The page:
Odd-year elections rarely generate enthusiastic voter interest. This year, Philadelphia ‘received only 60,000 mail-in ballots, a stark contrast to last year’s election, in which more than 400,000 mail-in and absentee ballots were tallied. Voter turnout at the polls was also low in a city where Democrats enjoy a seven-to-one registration advantage. At my polling place in the Port Richmond-Fishtown neighborhood, Election Day administrators seated at sign-in tables outnumbered voters.

In Pittsburgh, meantime, the big news was the election of the city’s first black mayor, Ed Gainey, who crushed his Republican opponent, Tony Moreno, with 71 percent of the vote. Like Philadelphia, Pittsburgh is a one-horse political town; it hasn’t had a Republican mayor in 92 years. Gainey, who tends to shout, told a jubilant crowd on election night that the first thing he’ll do as mayor is “clean this city up and make sure the roads are clean because safety is number one.” He also pledged to make Pittsburgh “the most affordable in the country.”

Gainey’s win was no surprise, after his defeat of incumbent Mayor Bill Peduto in the Democratic primary this spring. Pittsburgh, with three Democrats to every one Republican, saw even more Democratic victories in its suburbs. Butler County shifted left, and Democrats flipped several state legislative seats and school boards as well. While Westmoreland County “went totally GOP,” in the words of the progressive Pittsburgh City Paper, and some “exurban and rural areas in Pittsburgh saw a shift to the right,” most victories went to the Democrats.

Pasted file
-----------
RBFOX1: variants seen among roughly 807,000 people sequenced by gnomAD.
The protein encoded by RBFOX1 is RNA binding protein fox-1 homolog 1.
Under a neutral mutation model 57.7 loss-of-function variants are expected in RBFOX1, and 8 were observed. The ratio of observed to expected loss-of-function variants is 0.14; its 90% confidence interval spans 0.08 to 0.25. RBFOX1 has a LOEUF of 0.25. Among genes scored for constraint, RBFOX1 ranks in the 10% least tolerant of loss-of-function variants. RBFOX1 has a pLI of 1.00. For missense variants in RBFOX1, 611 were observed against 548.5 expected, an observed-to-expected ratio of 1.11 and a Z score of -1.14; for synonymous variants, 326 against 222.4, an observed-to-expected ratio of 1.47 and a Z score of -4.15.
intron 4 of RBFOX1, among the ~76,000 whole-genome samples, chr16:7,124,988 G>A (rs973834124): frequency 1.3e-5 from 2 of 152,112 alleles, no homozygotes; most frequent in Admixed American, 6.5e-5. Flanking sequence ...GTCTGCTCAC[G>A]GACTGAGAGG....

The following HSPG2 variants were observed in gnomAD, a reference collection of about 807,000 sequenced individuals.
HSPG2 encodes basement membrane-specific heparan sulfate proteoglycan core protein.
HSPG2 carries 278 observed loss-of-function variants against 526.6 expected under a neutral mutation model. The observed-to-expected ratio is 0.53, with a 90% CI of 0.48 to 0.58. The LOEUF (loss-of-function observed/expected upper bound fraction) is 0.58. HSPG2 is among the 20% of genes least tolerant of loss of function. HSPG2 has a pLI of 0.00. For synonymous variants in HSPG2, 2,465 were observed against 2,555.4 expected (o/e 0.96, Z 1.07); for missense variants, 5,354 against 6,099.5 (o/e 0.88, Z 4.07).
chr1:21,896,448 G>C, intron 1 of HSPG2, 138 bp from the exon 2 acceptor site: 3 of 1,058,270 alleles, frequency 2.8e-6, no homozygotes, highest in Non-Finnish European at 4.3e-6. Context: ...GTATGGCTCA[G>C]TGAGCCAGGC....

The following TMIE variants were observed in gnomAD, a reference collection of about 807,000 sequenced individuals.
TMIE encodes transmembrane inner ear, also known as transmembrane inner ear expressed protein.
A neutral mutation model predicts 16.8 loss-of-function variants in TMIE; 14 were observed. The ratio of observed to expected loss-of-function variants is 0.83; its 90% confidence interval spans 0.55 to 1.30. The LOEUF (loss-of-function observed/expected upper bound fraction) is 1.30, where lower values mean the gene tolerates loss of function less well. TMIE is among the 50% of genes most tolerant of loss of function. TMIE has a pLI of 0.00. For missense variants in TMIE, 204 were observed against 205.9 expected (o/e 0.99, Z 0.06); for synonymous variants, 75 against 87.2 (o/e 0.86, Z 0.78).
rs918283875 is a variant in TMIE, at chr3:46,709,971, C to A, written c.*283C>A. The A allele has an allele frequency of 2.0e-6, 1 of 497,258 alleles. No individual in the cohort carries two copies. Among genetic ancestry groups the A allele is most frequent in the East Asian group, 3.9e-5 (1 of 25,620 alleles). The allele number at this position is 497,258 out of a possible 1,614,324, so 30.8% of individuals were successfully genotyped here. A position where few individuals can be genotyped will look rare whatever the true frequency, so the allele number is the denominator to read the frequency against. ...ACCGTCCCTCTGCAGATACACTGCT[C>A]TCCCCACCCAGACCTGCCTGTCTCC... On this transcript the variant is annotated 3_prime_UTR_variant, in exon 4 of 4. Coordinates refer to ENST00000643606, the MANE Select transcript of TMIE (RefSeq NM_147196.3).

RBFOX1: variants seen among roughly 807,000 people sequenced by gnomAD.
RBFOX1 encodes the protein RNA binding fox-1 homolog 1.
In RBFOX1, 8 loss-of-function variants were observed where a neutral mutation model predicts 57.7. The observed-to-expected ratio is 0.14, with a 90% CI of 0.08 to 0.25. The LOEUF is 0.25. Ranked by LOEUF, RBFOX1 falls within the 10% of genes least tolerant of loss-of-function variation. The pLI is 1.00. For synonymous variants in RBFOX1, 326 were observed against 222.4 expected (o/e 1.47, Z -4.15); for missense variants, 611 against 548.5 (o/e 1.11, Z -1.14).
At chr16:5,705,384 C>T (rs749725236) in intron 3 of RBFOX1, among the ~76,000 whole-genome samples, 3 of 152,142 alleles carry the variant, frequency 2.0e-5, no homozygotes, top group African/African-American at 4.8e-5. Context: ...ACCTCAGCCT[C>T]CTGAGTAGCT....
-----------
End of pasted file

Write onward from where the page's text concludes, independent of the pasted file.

Statewide, however, Republicans scored significant victories, especially in judicial races. Kevin Brobson, a Pennsylvania Commonwealth Court judge, was elected to the state Supreme Court, outpacing his Democratic opponent Maria McLaughlin, a Philadelphian, with 52 percent of the vote. In the race for Superior Court judge, Megan Sullivan, a suburban Philadelphia resident and former Chester County prosecutor, scored 55.4 percent of the vote to beat Judge Timika Lane, a Democrat assigned to Philadelphia’s Major Trials Program in the Criminal Division. Republicans also scored wins in the lower courts. Republicans Stacy Wallace and Drew Crompton won the two available seats on the Commonwealth Court, beating out two Democrats.

Sullivan, who ran unopposed in the Republican primary, told me in an interview earlier this year about her participation in a 2021 Superior Court Candidates Forum panel where three Democratic candidates joined her in a discussion largely framed with Democratic Party references. In a YouTube video of that discussion, Sullivan holds her own as the three Democrats attempt to outdo one another on the topic of diversity. “I was in a general election, that’s where my head was,” Sullivan said. “They [the Democrats] were in a very different mode and basically playing to their base.”

The Republican judicial wins made an impression. PBS News warned Democrats that, along with GOP triumphs in Virginia, Pennsylvania’s judicial races prove that the “Growing Republican wave is real.” That remains to be seen. For the time being, anyway, there will be no Republican waves in Pennsylvania’s big cities.

Photo by Pete Bannan/MediaNews Group/Daily Times via Getty Images